Tuesday, June 28, 2005

6/28/05a

It's Saturday night, almost midnight. The next shift will be starting in 45 minutes. I sigh. You've put it off long enough, Polly. I kick my work boots off the table and sit up. I dog-ear the page in my book and set it aside as I stand. Stretch. Take a sip of warm Diet Coke.

The fluorescent lights in the investigative section, with their all-encompassing brightness, salve my growing discomfort. I walk to a drawer and pull out a gunshot residue kit (GSR). As I do so, I peer out the threshold of the office into the shadows of the outer corridor. Dark. Blind. Alone. The tenuous comfort the light offered just a moment ago shatters like a lie.

I take a deep breath and look around. The room is suddenly too bright and too sterile and the falseness of my little cocoon is further revealed in the inky blackness beyond the windows. I pick up my keys and head down the dark hallway. The rubber soles of my shoes squeak on the chalk white tiles as I move. I wonder to myself why all the d├ęcor is white. The answer comes to me almost immediately. Everything in this place is designed to look clean and innocuous. Another lie.

This building, or more accurately this complex of three buildings, is a state-of-the-art facility. Carefully planned for its unsavory purpose of processing bodies. The first building houses the office's reception area, and conference rooms. That is where I am now. I exit Building One and walk across an outdoor breezeway. A floodlight mounted on the wall teams with flying insects attracted to the brilliantly glowing globe. I stop at a heavy steel door, unlock it and pull. It is pitch dark inside and I grope for the light. As soon as I flick the switch I hear a stuttering electric buzz and a cascade of light works its way down the corridor before me.

The second building has two floors, the entire top level being a high-tech forensic toxicology lab and the bottom level housing the body receiving area, cooler, autopsy suite, and the offices of the autopsy technicians.

There is a third building. Smaller. It has a separate ventilation system, an autopsy station, a boiler for removing flesh from bone, and a cooler. This building is for decomp cases. I don't go in there much. It is infested with blowflies that constantly swarm visitors. When I do go in it is to gather bloody, wet clothing that has been laid out to dry on a specially ventilated rack. Dried blood and liquefied fat leave these clothes stiff, as if they've been starched. They are carefully folded over a white sheet so that no trace is lost in transferring them to an evidence bag.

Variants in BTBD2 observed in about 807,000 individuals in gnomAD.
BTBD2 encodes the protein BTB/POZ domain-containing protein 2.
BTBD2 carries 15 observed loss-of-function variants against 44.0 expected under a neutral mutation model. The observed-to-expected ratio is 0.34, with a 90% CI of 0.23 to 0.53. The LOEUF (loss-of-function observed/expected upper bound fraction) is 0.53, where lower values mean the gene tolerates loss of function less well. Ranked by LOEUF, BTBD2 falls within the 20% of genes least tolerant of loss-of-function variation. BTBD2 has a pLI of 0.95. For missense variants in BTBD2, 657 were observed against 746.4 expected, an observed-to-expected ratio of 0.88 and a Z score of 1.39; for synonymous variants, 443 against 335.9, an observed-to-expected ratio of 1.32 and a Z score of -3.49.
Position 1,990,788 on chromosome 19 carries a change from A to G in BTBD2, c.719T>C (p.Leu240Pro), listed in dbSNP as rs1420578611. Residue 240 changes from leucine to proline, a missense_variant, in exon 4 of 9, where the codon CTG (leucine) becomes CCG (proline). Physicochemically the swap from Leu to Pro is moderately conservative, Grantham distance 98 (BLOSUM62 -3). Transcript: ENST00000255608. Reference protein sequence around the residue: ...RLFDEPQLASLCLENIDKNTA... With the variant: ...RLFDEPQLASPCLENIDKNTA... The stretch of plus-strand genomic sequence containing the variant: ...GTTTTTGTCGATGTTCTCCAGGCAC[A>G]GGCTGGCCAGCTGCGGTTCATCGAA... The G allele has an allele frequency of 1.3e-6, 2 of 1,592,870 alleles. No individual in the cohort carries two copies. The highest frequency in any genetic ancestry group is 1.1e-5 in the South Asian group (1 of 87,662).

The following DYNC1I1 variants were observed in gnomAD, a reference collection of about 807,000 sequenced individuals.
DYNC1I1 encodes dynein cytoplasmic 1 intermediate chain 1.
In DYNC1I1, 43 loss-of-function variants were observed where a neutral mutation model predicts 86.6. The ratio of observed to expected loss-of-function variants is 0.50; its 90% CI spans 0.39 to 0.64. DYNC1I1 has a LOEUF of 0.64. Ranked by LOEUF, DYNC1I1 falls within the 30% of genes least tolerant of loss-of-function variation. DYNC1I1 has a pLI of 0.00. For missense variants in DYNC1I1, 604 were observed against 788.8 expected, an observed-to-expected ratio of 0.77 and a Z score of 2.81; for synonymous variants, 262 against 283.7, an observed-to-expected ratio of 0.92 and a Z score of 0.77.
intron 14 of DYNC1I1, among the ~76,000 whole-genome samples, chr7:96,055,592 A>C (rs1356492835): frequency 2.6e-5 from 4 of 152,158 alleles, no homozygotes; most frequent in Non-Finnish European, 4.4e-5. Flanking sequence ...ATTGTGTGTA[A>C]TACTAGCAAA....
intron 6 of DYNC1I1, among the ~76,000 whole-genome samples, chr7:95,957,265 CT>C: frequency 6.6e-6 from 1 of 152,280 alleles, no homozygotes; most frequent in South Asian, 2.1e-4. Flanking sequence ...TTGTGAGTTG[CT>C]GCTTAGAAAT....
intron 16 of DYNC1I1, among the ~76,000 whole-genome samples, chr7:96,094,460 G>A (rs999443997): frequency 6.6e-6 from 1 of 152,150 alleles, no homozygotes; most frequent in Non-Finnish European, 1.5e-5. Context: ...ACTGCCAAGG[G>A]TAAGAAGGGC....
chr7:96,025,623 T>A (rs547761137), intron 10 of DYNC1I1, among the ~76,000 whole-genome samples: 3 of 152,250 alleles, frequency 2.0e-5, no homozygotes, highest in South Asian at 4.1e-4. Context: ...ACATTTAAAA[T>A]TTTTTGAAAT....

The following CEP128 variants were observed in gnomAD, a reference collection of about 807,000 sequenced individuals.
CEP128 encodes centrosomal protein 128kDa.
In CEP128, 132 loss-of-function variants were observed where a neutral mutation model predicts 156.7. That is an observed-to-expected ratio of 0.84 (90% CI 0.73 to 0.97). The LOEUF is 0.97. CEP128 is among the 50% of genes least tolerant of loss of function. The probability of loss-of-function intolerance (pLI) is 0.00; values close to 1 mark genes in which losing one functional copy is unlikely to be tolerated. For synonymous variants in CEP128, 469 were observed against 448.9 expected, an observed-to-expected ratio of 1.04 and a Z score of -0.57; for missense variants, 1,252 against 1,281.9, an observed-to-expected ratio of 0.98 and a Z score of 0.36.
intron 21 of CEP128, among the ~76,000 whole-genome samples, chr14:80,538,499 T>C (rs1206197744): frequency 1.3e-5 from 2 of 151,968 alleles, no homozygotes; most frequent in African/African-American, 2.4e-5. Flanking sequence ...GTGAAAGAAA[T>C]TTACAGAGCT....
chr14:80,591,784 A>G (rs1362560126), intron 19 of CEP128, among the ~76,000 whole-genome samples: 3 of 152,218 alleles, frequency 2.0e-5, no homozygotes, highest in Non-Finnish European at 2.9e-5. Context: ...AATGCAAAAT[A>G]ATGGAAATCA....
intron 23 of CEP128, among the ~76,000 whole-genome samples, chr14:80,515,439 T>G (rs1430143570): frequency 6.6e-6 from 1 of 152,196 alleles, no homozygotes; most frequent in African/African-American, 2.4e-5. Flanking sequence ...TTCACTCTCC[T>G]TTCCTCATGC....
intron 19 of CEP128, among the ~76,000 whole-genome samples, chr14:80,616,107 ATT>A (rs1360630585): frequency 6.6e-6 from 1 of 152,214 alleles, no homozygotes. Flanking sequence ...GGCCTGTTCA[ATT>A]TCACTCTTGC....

I walk down the hallway in Building Two and take a left into the autopsy suite. Banks of stainless steel sinks and bleached white cutting boards line the north and south walls. To the east there is a series of cabinets and to the west there is a large set of metal double doors leading to the cooler. I walk to the doors, pulling on latex gloves as I go. I turn the latch and there is a loud click. The door resists for a moment and then swings open. I wait as a fine mist rolls out and then dissipates before I walk in.

One of my greatest fears is being trapped in the cooler. And even though I know that it cannot lock from the inside, fear boils up from the very core of me when I hear the latch click softly at my back. The room fairly vibrates as the cooling system hisses along the low ceiling. I hate being in here. I hate it more tonight than ever.

Metal trays with bodies wrapped in heavy clear plastic fill the space. I wade through the macabre scene, looking for a particular body. A young woman, we still don't know her name, stabbed, beaten and repeatedly run over by a car. So mutilated is she that it's hard to tell that she's been shot. A routine x-ray revealed the bullet lodged in the thick bone of her jaw. I am just about to pull the tray out from its place against the wall when my cell phone rings. I yelp despite myself and put my hand to breast. My heart trips a staccato beat. I let it ring a few more times so I can compose myself. Then I pull off a glove and hit talk. “Hello?” My voice sounds weirdly muted in the cooler. You would expect it to echo with all the metal and concrete.

It's dispatch. There's been a homicide at the Greenville Motel near the beach. The detectives have requested the ME.

Sorry guys. I hate to leave you hanging, but my battery is about to die.

More later....

7 comments:

Marvin | Paranoid Android said...

*volunteers to put a hand on polly's chest*

To help calm her down, of course...

Mad Scientist said...

cool a double post on your own blog!!!!

Great story I can't wait for the rest.

Marvin somehow I don't think the cold metal hands of an android would help. :-P

Marvin | Paranoid Android said...

you're right, Mad, of course. What was I thinking? It would make her breathe faster, if anything... ;)

Kaf said...

*hangs on*

*shivers*

Well, we are in a freezer, correct?

I hope we don't have to wait in here too long...

Trace said...

You are a fantastic writer, Polly. When you get published I'll be standing in line to by your books.

kibby F5 said...

At the book signing think I could get her to kiss the inside cover rather than sign it? Lip stick marks would be way cooler!

Kudzu said...

Stephen King eat your heart out! Or is that Robin Cook?